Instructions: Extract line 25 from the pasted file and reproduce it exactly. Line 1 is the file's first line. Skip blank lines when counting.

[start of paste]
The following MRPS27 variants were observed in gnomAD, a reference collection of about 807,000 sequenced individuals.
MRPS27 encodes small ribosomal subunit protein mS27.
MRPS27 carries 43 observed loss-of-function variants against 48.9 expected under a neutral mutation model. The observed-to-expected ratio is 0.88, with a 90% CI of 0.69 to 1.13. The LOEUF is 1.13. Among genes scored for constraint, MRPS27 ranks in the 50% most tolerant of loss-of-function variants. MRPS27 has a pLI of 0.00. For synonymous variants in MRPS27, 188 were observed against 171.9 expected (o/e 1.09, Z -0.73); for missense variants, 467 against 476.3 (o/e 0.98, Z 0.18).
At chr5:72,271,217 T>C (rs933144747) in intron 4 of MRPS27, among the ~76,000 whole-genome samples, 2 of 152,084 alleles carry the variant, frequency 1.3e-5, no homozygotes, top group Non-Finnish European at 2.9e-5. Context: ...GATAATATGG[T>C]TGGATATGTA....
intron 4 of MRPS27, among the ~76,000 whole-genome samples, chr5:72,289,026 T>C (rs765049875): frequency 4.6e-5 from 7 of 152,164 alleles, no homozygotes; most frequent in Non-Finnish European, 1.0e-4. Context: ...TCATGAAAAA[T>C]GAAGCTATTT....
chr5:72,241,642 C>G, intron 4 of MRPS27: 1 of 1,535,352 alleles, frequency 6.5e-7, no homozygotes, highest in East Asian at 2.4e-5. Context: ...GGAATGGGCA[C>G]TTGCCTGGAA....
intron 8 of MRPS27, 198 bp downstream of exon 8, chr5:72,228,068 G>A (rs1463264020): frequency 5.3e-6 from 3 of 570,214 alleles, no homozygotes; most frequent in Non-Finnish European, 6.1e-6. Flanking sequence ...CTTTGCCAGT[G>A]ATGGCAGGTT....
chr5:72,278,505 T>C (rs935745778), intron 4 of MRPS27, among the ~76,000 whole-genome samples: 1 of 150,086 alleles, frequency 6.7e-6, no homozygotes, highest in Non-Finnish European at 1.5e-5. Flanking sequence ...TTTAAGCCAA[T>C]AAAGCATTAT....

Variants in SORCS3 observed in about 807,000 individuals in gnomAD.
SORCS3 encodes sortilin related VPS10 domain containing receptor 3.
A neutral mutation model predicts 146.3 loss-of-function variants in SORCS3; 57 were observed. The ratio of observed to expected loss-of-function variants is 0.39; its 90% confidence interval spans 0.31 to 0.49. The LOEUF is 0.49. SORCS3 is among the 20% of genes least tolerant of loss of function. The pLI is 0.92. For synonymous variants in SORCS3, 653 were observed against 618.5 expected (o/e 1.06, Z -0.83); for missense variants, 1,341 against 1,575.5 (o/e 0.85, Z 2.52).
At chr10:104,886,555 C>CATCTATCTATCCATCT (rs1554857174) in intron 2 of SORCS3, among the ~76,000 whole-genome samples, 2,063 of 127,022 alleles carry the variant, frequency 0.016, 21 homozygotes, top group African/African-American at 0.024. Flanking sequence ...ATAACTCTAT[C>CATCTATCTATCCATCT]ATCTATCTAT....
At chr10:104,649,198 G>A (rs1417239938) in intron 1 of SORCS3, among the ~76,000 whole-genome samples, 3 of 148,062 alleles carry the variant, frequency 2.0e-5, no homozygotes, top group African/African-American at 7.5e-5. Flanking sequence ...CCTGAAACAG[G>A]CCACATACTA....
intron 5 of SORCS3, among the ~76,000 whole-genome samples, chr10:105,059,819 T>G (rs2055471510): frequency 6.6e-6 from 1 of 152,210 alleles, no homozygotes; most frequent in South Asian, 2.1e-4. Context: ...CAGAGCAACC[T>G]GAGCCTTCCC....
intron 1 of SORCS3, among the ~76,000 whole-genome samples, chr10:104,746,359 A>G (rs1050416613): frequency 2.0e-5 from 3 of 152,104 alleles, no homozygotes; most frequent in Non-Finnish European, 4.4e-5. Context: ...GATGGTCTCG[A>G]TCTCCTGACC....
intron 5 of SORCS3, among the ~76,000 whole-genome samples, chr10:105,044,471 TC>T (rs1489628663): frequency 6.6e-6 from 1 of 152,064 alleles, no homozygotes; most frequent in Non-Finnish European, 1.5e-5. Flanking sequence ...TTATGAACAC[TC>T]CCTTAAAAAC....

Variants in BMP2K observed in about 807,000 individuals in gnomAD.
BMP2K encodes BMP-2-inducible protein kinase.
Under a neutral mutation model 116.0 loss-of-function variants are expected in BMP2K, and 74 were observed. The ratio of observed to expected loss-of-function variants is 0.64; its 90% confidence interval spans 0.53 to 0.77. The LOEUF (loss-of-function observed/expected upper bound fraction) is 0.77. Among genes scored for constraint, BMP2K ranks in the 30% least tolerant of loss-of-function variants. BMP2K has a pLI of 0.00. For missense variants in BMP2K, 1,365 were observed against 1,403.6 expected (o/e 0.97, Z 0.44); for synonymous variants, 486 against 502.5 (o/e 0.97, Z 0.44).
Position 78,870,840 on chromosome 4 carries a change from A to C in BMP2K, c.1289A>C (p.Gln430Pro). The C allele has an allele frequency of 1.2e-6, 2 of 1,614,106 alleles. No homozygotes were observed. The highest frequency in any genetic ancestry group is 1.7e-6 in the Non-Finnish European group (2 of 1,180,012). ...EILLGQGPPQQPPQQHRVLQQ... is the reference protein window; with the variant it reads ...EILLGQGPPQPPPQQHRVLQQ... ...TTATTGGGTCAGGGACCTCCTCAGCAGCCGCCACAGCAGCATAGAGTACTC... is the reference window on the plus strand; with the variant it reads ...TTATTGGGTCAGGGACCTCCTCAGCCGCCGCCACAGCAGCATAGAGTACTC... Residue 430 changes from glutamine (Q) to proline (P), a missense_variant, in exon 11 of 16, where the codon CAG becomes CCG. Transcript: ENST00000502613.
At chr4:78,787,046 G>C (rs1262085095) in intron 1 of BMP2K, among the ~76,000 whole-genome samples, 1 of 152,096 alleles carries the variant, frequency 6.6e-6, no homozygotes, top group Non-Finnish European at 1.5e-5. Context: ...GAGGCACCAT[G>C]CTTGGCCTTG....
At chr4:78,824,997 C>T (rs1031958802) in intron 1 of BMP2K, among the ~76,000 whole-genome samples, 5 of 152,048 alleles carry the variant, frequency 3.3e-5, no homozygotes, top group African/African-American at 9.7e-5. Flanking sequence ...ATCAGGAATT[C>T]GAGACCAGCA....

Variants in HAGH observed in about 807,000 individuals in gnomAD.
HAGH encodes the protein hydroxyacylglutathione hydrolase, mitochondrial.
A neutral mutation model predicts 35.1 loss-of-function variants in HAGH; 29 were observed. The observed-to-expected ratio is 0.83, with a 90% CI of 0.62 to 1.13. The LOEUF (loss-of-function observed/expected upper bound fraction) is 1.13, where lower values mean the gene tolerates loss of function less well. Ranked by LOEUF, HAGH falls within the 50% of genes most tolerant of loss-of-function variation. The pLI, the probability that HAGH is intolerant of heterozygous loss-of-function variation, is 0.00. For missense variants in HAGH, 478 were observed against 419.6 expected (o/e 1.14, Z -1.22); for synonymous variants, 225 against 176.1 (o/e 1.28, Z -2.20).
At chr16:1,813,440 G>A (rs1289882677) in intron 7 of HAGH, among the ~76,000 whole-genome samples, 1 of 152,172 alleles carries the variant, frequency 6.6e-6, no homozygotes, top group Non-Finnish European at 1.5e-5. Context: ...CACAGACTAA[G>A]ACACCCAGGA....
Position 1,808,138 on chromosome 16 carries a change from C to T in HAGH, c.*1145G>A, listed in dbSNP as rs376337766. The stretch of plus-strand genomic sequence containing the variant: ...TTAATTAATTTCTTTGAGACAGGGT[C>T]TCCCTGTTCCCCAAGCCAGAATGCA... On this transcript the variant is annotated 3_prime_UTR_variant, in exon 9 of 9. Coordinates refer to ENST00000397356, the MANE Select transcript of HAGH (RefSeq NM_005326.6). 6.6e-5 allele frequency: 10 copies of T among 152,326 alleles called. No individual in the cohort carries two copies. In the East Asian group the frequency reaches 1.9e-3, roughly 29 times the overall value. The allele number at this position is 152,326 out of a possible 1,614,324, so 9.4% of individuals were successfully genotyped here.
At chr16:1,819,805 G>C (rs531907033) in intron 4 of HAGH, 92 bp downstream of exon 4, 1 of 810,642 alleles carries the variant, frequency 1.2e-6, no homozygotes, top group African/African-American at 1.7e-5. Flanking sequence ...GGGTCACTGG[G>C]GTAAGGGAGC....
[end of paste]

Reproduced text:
A neutral mutation model predicts 35.1 loss-of-function variants in HAGH; 29 were observed. The observed-to-expected ratio is 0.83, with a 90% CI of 0.62 to 1.13. The LOEUF (loss-of-function observed/expected upper bound fraction) is 1.13, where lower values mean the gene tolerates loss of function less well. Ranked by LOEUF, HAGH falls within the 50% of genes most tolerant of loss-of-function variation. The pLI, the probability that HAGH is intolerant of heterozygous loss-of-function variation, is 0.00. For missense variants in HAGH, 478 were observed against 419.6 expected (o/e 1.14, Z -1.22); for synonymous variants, 225 against 176.1 (o/e 1.28, Z -2.20).